by Jorge Gomez • 5 min read
President Biden and leaders of his party have touted the “historic” and rapid pace of judicial confirmations during the first two years of the Biden administration. But this momentum is slowing down.
Biden reached a milestone when the Senate confirmed his 100th federal judge. At the time, Senate Majority Leader Chuck Schumer of New York said that the “Senate has confirmed more judges by this point in a president’s term than either of the previous two administrations.” That’s no longer the case. Despite getting off to a quick start, Biden’s confirmations are now behind.
As of August 15, the U.S. Senate has confirmed 140 Biden judges to the federal bench. By comparison President Trump had 146 confirmations at this point, George W. Bush had 144 and Bill Clinton had 165. He’s only outpacing Barack Obama, who had 95.
What’s causing the slow down? A majority of federal court vacancies right now are in states with two Republican senators and the Senate’s “blue slip” tradition, though not a formal rule, requires nominees to have the support of their home state senators. The Washington Post reports that “of the 56 current and future district court vacancies without nominees, 40 are in states with at least one Republican senator.”
In his first two years, most of Biden’s circuit and district court appointments were nominees in states represented by two Senate Democrats, who narrowly control the chamber. This means the President and his party are having to work harder to get the support of colleagues on the other side of the aisle.
Senate Judiciary Committee Chairman Dick Durbin of Illinois is under intense pressure to get rid of the blue-slip tradition.
Liberal groups and activists have sent him letters calling for it to be abolished. The New York Times published an editorial titled “How to Stop a Senator from Blocking a Federal Judge.” They argued the blue slip tradition is “a fundamentally undemocratic practice that gives far too much power to individual senators,” and said “it’s far past time” for Durbin to “unilaterally” get rid of it.
Last month, Derrick Johnson, president and chief executive of the NAACP, wrote an opinion piece in Durbin’s home city newspaper that the chairman’s support for blue slips was allowing Republicans to block “qualified nominees of color from receiving a fair hearing and a vote.” The Congressional Black Caucus has told Durbin the same in at least one meeting, and House Democratic Leader Hakeem Jeffries (D-N.Y.) said Durbin should scrap the tradition.
How much have the President and his party changed the federal judiciary? At one point they claimed they were “forever changing the face of the judiciary.” The numbers, however, appear to tell a different story.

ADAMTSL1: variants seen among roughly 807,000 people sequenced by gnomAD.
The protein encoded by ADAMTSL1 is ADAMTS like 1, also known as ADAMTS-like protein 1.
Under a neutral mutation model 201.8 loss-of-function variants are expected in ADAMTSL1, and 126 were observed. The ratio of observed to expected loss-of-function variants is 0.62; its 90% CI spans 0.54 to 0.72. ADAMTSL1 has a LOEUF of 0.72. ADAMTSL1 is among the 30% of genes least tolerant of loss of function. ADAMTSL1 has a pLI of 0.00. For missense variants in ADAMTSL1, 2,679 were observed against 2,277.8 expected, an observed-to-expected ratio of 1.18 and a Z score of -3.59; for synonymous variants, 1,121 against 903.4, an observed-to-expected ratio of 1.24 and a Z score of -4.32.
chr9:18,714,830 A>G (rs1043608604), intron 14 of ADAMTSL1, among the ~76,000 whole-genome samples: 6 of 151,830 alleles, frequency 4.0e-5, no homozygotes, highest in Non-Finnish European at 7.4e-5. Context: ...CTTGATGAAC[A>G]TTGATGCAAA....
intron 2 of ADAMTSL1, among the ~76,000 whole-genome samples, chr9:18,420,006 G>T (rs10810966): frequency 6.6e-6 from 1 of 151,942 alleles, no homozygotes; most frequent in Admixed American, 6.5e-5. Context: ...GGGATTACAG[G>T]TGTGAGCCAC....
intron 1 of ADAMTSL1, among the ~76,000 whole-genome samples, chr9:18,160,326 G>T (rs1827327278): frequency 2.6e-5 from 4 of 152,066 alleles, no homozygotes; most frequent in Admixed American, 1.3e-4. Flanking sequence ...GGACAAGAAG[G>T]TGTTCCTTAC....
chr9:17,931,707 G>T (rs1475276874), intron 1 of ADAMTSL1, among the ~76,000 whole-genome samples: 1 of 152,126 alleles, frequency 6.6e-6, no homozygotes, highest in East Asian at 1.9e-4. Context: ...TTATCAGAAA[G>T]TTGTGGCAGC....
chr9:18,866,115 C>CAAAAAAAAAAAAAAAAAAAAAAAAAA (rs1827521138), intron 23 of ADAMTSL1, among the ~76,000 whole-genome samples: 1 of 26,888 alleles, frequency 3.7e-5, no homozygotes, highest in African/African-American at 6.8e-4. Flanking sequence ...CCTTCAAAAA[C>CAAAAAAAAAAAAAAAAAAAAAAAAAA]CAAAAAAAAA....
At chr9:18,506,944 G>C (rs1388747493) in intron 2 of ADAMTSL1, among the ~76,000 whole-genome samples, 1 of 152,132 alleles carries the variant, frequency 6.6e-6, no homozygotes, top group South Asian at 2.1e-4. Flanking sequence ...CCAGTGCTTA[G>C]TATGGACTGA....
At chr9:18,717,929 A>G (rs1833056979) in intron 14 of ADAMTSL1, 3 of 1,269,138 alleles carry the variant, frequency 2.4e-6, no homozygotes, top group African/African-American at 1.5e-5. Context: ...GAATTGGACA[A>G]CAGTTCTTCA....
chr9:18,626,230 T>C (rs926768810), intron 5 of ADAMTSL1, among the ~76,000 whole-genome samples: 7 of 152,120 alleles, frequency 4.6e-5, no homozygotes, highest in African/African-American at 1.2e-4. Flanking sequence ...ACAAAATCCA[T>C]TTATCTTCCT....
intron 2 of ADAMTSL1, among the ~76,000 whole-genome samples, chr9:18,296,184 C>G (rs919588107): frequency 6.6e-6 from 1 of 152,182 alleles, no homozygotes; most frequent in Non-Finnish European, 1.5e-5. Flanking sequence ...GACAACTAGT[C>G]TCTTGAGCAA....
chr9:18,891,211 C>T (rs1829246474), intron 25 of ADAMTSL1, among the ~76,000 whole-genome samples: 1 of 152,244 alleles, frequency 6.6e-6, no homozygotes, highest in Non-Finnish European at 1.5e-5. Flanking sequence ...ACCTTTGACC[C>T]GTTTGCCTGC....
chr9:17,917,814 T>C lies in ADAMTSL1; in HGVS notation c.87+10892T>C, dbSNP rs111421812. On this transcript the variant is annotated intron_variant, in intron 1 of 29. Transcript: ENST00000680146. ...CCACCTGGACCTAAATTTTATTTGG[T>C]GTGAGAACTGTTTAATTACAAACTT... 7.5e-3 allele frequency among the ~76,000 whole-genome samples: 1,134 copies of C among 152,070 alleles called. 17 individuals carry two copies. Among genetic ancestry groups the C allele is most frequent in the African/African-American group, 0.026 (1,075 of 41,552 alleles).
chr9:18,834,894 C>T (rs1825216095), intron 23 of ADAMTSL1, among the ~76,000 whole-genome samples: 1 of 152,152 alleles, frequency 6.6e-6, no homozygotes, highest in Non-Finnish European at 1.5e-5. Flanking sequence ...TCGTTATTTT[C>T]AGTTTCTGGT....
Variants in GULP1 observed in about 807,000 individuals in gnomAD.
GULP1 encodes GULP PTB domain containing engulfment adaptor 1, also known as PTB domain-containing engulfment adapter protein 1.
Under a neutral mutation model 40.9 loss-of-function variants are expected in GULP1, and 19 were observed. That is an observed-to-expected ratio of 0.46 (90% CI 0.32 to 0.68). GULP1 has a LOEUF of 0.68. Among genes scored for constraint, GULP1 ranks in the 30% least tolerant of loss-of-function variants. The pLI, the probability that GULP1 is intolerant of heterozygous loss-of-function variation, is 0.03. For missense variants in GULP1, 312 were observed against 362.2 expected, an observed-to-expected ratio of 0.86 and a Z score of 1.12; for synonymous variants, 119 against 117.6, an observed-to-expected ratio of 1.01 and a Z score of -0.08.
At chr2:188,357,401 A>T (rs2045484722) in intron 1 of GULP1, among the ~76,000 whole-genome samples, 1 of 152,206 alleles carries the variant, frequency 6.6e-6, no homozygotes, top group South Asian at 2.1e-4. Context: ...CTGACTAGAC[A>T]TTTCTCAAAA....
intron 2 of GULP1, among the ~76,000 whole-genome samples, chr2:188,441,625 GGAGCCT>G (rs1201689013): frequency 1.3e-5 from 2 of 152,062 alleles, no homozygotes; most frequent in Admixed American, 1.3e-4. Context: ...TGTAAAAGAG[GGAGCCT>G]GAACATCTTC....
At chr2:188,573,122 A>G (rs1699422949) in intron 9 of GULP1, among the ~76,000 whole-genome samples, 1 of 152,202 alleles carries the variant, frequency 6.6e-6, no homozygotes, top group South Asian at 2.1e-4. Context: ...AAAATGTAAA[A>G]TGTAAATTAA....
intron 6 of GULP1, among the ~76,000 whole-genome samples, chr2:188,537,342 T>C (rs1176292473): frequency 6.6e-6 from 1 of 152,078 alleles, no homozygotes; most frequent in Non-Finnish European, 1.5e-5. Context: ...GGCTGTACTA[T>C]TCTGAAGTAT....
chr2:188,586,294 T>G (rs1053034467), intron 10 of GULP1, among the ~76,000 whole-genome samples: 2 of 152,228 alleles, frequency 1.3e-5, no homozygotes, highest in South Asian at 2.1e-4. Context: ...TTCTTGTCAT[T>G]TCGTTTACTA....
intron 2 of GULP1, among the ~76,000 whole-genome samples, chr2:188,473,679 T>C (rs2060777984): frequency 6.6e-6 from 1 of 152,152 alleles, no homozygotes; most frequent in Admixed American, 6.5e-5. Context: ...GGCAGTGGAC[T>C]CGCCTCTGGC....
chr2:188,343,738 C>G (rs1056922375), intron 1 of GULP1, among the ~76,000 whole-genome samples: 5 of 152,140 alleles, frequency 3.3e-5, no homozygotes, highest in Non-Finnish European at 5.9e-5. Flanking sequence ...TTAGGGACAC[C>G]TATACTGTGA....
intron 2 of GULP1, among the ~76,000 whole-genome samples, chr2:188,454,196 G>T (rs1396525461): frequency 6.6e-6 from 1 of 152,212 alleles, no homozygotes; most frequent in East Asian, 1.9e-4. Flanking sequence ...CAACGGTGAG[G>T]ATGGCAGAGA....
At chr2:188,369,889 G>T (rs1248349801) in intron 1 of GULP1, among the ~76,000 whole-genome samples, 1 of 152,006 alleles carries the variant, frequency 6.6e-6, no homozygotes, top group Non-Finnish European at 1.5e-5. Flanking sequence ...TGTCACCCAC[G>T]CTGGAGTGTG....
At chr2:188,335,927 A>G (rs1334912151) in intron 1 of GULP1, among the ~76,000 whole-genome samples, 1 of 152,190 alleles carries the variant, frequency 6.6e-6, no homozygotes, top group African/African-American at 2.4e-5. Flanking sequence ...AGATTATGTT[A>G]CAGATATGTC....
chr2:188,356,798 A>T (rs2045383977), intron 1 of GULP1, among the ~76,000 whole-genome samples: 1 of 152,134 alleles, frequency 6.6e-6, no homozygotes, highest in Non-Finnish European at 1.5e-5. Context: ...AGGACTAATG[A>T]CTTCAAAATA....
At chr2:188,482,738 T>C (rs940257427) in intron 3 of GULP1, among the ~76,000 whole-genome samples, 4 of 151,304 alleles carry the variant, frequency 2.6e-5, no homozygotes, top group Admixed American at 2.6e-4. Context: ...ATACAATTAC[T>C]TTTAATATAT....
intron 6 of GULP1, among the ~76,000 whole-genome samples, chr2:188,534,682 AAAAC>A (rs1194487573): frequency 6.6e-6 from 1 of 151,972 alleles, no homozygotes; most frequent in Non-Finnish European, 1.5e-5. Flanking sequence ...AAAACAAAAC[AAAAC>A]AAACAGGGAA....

There has been some change, but Biden has not overhauled the judiciary or tilted it in a liberal direction. More judges active today were nominated by Trump than they were by Biden. There are 227 active Trump judges compared to Biden’s 137, according to The Washington Post. Diving deeper, we also see a significant gap in the number of active district court judges. There are 101 district court judges appointed by Biden, compared to Trump’s 168.
Nominations to Watch When Senate Returns from Recess
The Senate is currently in recess and will return in early September following the long Labor Day weekend. According to Phil Brest, a White House senior counsel in charge of nominations, the Judiciary Committee is planning to hold a judicial nomination hearing the first week that the Senate comes back. He also said there could be as many as 30 judicial nominees teed up and awaiting confirmation votes on the Senate floor by the end of the month.
As we wait for confirmations to resume, First Liberty is keeping a close eye on nominee Loren AliKhan, selected for a district court seat in Washington, D.C. We explained that AliKhan’s record on religious liberty is alarming. The Judiciary Committee recently advanced her nomination to the full floor, meaning she is now one step closer to becoming a federal judge for life.
“Her record of repeatedly making extreme arguments and losing in court raises doubts about her qualifications, fairness, and legal judgment. In private practice and as Solicitor General of D.C., she attacked people of faith, including Sikhs. She opposed the right to assemble for worship, the right of religious organizations to choose teachers of faith and the right of faith-based groups to choose how to form without government interference. Her attacks on the First Amendment to the Constitution are far outside the mainstream and have been rejected by many courts.”
AliKhan and many of President Biden’s judicial nominees are alarming. They offer very little to inspire confidence that they will uphold the Constitution, and their records suggest they could be hostile to religious liberty if confirmed to the federal bench.
Religious Americans confront increasing threats to their rights, and anyone who is openly hostile to religious liberty should not be a judge. First Liberty will continue to provide you with the facts and expert analysis on judicial nominees.